With EC you can validate a purchase, check payment status, capture a pre-approved payment, and manage a recurring payment profile including checking the status. All you need to do is make a single API call with the transaction id, there’s nothing special, nor is it much more complicated to develop.

There’s are lot of misconceptions with Express checkout. One being that it requires that the PayPal merchant pay for PayPal Pro, this is wrong. The merchant will only need Pro for onsite CC processing.

Another is that Express Checkout requires the customer to confirm their payment on your site before processing. This is the feared “extra step”, the extra step that would cause people to reconsider their purchase, the extra step that someone might not notice because they thought they were done. Sorry but I don’t like these excuses one bit.

Extra Step: If the customer is going to reconsider their purchase and leave the checkout process without ever coming back because of the final confirmation page is absurd.  Yes, it’s likely to happen; do you want these customers anyway? Highly unlikely because they’re the ones that will ask for a refund a day later after causing hours of support. I want customers that truly want to purchase the product, you should to.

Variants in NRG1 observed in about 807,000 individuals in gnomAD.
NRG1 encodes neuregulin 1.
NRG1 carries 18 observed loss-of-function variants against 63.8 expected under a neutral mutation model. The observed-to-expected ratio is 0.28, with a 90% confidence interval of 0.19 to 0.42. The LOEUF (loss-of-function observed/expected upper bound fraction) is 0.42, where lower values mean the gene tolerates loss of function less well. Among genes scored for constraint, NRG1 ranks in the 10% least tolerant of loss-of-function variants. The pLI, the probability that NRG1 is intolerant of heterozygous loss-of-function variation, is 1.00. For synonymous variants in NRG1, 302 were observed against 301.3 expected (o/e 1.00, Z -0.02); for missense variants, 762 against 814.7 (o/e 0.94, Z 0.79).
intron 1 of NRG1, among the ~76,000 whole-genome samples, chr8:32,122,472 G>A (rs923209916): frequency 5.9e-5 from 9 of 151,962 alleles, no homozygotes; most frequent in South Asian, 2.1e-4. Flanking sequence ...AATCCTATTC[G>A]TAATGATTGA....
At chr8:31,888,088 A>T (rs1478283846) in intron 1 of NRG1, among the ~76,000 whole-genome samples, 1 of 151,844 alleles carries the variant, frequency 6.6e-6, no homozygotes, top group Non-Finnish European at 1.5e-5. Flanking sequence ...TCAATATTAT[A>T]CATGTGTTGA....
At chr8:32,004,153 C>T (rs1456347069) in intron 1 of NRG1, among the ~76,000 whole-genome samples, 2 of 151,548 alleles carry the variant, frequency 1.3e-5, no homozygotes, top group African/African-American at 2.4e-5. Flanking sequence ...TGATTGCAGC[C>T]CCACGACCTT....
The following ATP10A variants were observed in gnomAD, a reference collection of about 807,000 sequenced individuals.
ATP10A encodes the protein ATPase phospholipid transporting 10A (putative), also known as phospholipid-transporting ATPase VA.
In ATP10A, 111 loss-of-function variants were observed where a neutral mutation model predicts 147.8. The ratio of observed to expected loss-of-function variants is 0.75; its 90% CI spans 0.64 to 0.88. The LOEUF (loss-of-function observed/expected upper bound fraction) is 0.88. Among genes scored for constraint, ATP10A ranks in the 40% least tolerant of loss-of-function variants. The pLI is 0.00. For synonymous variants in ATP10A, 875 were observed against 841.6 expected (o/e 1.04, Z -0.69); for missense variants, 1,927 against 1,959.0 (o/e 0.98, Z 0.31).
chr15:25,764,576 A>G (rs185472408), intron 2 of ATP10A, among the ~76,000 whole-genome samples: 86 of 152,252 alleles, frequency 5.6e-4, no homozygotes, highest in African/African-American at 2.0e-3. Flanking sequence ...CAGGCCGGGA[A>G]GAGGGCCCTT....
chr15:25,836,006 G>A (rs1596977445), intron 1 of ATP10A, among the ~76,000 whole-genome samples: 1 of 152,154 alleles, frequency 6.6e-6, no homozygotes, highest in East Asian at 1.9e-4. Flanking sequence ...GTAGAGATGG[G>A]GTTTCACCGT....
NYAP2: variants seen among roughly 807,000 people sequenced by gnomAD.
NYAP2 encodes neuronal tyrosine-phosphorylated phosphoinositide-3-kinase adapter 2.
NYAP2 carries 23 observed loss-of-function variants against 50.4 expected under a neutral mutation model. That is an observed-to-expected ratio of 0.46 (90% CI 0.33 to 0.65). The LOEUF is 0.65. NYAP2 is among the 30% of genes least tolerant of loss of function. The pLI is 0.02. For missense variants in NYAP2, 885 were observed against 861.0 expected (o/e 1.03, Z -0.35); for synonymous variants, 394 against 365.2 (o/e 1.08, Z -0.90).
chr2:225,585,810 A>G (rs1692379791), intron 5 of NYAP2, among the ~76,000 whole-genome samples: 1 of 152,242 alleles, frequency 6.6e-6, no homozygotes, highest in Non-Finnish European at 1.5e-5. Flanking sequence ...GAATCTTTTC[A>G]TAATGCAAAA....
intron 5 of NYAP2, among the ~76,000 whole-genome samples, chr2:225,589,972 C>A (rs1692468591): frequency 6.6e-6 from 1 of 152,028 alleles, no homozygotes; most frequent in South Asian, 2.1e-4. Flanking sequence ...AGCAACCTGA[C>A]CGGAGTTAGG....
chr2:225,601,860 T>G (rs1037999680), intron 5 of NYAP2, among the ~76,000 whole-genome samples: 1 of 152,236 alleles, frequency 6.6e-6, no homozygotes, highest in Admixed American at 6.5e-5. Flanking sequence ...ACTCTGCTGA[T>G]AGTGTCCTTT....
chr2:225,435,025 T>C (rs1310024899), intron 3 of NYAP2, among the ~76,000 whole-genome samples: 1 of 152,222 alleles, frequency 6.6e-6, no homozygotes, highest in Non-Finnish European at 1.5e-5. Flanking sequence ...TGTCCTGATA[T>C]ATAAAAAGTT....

UX: You should be able to easily signify that the customer needs to finalize the payment by submitting the confirmation, if you can’t there are other areas of your site that need your attention. I “know of some” that have contemplated doing an auto submit after X seconds or just skipping the confirmation and eschewing the PP policy, “they” never did go that route because the numbers didn’t show a drop the purchase funnel.

Falsities: I’ve heard that EC limits payment methods, something to the effect that the customer couldn’t use a credit card, which is nonsense. The only difference that I’ve noticed is that the checkout pages at PayPal use their new design…which is great.

Anyone using PayPal Standard over Express Checkout? I’d like to know why.


  1. Not to be confused with the customer product of PayPal Standard.